This continued for about a week when I saw the face of Lilith at our county shelter. Eyes bright and looking up at the camera with a face something reminiscent of a Brittany and the body of an Australian Cattle Dog. It was a face I spent several days trying to get out of my mind, but finally allowed myself to move from Petfinder to the shelter’s website itself. I needed to know more about her and was shocked to find that she had been there for two months. That was enough for me, I had to meet her and was petrified by the thought that she could be put to sleep after being there for so long. (I didn’t find out until much later that the shelter is now one of the many no-kills throughout Utah).
I called, set up an appointment for her to meet Boots (Miley rarely leaves the house), and made my husband swear to me that he would not let me bring her home if he thought she would be too rambunctious around Miley. When we arrived it was easy to see why she was still at the shelter. A sensitive dog, Lilith was backed up against the wall of her kennel, frightened by the people standing outside of it and ‘grinning’ – a slight bare of her teeth without the sound of a growl.
Despite her initial impression we stayed long enough to take her outside away from the barking, yelping and confining cage. Outside she relaxed with her handler, but remained almost indifferent to us, there was no immediate joy, no head in the lap staring up at you with adoring eyes, but watching her fetch and run back and forth to her handler I somehow knew she needed to come home with us.
It took my husband a bit longer to warm to her – after all, it was his job to keep a steady head throughout the process – but once she met Boots (more indifference) he finally agreed to take her home.
I was asked by the staff, “Why her?”. It was difficult to answer, you can’t tell someone because you just know. I found out that she had been returned once for jumping (bringing her total amount of time in the shelter up to three months) and they were nervous about letting her go into a home that was not prepared for her activity level. I explained I wanted an active dog, one that was smart and could excel in obedience training and eventually agility. It wasn’t about a specific breed for me (who needs a dog that doesn’t shed?). Most of all, I didn’t bring dogs back, I wasn’t going to give up on her. Once an animal comes into your home it’s for life.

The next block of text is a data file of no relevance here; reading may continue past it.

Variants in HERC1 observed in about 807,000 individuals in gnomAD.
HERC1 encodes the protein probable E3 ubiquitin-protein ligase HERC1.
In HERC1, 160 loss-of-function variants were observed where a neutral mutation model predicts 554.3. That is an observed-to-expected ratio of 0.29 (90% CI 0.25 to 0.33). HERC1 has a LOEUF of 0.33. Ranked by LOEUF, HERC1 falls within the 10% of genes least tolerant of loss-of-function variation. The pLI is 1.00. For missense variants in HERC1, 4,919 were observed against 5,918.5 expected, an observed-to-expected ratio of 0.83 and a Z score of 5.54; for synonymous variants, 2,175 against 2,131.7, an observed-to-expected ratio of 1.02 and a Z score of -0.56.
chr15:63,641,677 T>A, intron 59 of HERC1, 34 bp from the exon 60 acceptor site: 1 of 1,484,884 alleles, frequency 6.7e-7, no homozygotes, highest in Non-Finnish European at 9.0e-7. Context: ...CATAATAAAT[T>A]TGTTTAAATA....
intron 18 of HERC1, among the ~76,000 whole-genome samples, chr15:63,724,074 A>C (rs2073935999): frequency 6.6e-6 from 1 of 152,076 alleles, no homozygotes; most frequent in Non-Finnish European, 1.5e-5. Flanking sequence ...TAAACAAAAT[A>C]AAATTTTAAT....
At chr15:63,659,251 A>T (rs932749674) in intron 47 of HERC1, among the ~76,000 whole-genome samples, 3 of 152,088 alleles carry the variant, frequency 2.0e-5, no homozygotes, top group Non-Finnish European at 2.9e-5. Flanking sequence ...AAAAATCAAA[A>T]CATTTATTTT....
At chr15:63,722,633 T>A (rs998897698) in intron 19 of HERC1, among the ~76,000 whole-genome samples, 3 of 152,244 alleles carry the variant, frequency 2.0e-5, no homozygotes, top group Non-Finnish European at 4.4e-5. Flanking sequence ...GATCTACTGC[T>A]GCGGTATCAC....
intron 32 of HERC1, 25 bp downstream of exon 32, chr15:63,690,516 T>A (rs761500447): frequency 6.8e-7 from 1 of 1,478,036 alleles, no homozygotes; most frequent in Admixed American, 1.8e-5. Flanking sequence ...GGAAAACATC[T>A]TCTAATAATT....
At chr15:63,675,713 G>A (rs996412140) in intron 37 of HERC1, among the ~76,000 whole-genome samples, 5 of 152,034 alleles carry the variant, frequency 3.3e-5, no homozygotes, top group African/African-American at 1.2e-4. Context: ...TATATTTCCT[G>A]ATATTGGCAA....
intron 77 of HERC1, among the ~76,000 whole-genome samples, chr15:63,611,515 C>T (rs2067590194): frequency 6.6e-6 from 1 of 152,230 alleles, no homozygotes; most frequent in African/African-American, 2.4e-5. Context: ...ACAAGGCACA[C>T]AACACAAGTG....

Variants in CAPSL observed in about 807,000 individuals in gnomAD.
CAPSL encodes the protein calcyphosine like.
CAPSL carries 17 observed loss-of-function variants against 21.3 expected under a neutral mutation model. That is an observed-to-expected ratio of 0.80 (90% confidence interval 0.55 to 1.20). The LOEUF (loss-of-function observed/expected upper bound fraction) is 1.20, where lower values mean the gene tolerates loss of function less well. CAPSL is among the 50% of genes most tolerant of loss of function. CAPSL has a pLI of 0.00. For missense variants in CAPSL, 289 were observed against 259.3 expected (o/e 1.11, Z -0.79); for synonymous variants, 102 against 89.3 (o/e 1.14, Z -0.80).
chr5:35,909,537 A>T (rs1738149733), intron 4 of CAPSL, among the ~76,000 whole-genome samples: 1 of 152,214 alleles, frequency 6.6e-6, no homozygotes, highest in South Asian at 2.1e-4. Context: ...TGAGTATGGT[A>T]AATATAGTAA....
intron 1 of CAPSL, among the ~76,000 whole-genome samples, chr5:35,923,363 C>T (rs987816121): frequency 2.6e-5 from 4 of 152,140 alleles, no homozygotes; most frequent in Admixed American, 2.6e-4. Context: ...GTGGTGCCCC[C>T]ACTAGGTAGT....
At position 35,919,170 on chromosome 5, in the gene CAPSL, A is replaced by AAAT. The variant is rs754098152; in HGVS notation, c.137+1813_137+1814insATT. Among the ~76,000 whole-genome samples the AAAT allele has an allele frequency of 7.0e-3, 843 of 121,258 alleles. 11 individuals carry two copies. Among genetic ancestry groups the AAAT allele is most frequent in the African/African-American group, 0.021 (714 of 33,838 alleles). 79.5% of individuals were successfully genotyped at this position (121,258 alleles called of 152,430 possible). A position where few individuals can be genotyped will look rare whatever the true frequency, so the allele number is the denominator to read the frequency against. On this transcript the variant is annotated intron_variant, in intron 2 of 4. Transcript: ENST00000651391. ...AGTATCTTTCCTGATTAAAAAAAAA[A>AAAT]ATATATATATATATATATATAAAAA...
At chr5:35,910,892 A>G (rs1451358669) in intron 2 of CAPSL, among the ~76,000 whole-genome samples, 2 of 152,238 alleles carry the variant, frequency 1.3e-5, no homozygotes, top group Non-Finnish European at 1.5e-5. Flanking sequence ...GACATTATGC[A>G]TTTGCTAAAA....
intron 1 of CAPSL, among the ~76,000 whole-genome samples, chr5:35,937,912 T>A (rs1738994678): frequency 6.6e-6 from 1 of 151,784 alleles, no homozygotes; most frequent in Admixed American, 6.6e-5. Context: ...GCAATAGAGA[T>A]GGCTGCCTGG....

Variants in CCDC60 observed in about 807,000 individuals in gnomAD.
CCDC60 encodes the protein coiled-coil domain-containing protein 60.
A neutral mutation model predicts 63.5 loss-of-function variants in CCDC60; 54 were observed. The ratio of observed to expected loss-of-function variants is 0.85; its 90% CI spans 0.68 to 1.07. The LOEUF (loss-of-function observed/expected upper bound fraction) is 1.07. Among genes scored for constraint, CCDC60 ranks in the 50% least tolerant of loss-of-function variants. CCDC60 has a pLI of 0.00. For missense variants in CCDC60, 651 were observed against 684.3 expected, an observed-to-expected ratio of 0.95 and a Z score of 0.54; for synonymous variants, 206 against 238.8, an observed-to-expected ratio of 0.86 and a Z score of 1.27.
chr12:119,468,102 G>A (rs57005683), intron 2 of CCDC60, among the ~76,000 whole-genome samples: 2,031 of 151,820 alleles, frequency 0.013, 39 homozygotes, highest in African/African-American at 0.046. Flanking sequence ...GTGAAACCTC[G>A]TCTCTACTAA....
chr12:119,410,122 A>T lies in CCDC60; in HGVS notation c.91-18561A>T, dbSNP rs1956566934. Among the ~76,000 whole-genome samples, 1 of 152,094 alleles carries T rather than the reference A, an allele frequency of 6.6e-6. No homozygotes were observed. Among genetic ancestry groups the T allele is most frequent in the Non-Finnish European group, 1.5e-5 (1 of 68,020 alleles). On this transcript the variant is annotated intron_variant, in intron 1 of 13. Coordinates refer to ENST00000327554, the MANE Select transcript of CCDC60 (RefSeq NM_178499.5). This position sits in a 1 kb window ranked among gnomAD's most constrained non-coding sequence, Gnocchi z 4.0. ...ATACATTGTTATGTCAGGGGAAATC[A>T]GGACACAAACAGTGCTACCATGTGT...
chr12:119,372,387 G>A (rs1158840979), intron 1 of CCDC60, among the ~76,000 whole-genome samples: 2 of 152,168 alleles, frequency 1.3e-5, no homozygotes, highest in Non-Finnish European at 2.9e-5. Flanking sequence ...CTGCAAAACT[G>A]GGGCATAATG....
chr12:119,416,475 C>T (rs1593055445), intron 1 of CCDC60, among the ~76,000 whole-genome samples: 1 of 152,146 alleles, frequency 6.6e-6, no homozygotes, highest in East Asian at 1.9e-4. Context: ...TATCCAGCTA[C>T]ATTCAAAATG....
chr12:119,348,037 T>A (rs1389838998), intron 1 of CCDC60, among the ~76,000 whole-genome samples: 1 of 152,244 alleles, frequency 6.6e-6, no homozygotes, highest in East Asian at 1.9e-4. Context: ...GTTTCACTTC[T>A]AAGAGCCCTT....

Before we reached home the two year old Australian Cattle Dog/Pointer Lilith was rechristened Luna, and had a new collar and shiny tag to prove it. The indifference towards me melted away as we rode together in the back seat, that “knowing” only intensifying. I commented that it was unbelievable that anyone had ever taken her back, and my husband stated the obvious, it was because she was waiting for us.
She had been waiting for my precious Ari to move on, for me to find her and for her to help me heal. Today Luna rarely leaves my side and every day I am more amazed at how much it feels like she’s always been a part of our family. It doesn’t make the loss of Ari any less painful, but it helps to know that if she was still here the two of them would have loved each other. In fact, I’ve often remarked that if Ari and Sprite had had puppies they would be Luna in personality.
I’ve also learned a lot since she came to live with us, first that the crazy jumping was real. She’s almost broken of it, but get her too excited and she’s jumping right in your face, mouth open. I had forgotten how much energy a young dog can have, but how much fun that energy can be. She keeps the whole house livelier. It’s clear she’s never lived with cats, and although she doesn’t chase them she still stares at them continually when they are in the room. Best of all, I hadn’t needed to worry about her with Miley, she came in knowing the unspoken rule of the household – Miley is the elder. They interact little, but whenever they are around each other Miley always gets a little submissive lick on the chin.
Luna is also the perfect dog to teach me basic training. It’s something I’ve never done in the past but she’s an excellent first time dog to run through it with. It never ceases to amaze me that when we are in class or simply out back running through the paces she turns into a working dog, completely focused and ready to please. Training has only strengthened that bond that formed between the two of us on that first day and I can’t imagine where it will take us.
Lisa (and Luna)